When it comes to horror movies, I am a complete wimp, and on the rare occasions I do find myself reeled into one—often by my brother, who has so far exhibited a disturbing preference for them over more pleasant films—I invariably find myself either retreating to the bathroom before the opening credits end, or lying awake at night for the next month or so, staring up at the ceiling for hours, too afraid to even leave my bed to go to the bathroom, where undoubtedly some slimy, scabbed arm will come lunging out of the toilet bowl to drag me down to a watery, and unsanitary, death. To give you a better idea of my wimpiness, as a child, I watched the stop-motion film “Wallace & Grommit and the Curse of the Wererabbit” one Saturday night, when it was on television, and promptly developed insomnia for the next ten years.

Not only am I cowardly to an extreme degree—we can prattle on about sensitivities and finely-tuned nervous systems all day, if you want, but the fact of the matter is people like me are often dismissed as wimps the moment others set eyes on us—I am also very, erm, delusional, much of the time. You see, the reason my fear is often so great is because my mind blow everything out of proportion. I attribute it to having an imagination—it is a thought taht provides some small comfort as one wades through the usual series of daily agonies. This nifty little imagination of mine, however, has various other unfortunate side-effects, one of which is delusional thinking, another manifestation of my overall cowardliness.

Let me give you an example. Once, in fifth grade, Yours Truly fell in love with a boy. Oh, this was love, alright. She couldn’t stop thinking about him, couldn’t be in the same room as him without clamming up, or being overcome by a sudden desire to flee, preferably to the farthest reaches of the observable universe, where she would spend her time fiddling with stars to spell his name into constellations he would be able to see in the sky from Earth. He was perfect. Dashing. Sincere. Sensitive.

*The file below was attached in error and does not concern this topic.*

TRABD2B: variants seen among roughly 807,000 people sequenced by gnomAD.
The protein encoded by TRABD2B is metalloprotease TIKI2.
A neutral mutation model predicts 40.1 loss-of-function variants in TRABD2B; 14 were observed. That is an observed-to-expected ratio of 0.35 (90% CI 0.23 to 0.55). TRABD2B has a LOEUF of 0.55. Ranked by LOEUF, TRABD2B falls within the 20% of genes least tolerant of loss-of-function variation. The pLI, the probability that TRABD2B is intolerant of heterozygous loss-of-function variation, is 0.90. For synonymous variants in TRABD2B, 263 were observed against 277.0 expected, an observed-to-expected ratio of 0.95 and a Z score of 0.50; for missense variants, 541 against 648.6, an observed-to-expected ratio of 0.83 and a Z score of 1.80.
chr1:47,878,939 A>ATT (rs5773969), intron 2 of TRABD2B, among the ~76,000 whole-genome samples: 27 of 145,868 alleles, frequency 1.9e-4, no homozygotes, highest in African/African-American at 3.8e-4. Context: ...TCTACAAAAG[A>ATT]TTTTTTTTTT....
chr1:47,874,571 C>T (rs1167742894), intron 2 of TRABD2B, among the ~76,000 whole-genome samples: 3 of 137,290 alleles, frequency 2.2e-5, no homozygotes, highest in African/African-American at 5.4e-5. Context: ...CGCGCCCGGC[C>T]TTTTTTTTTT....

And she was convinced he felt the same, the signs were all there—until one afternoon he humiliated her in front of the entire class, that is, and she realised, after crying for hours in her bedroom, more out of confusion than anything else, that he viewed her as an academic competitor rather than a love interest. That he, in fact, loathed her, for her intelligence, for her awkwardness, only she hadn’t been able to see it. Her imagination had clouded all sense. In response to such hatred, she had, instead, ardently loved him. Tell me honestly, if you heard this story, whether you would not think the female in question was off her rocker? From that day onwards, she avoided him. Seeing him in the school corridors made her jump. On her deathbed, if he were to suddenly materialize, she would postpone dying and escape from the hospital, just to get away from him.

So, in a nutshell, I am a scatter-brained, flighty, solitary, confused, detached, and, above all, cowardly young lady, whose only solace is her imagination, and writing. The mismatch between myself, and the city life bustling around me, chock-full of dangers at every turn, is so acute as to be excruciating. I would, in a heartbeat, trade my very soul for a lonely cottage out in the moors, beneath a greyish-white sky, with nothing but purplish heather for miles—but then I’d probably be frightened of the wolf howls echoing across the land in the middle of the night, and end up hiding under the bed with my cats, eyes shut and desperately thinking about meadows and waterfalls.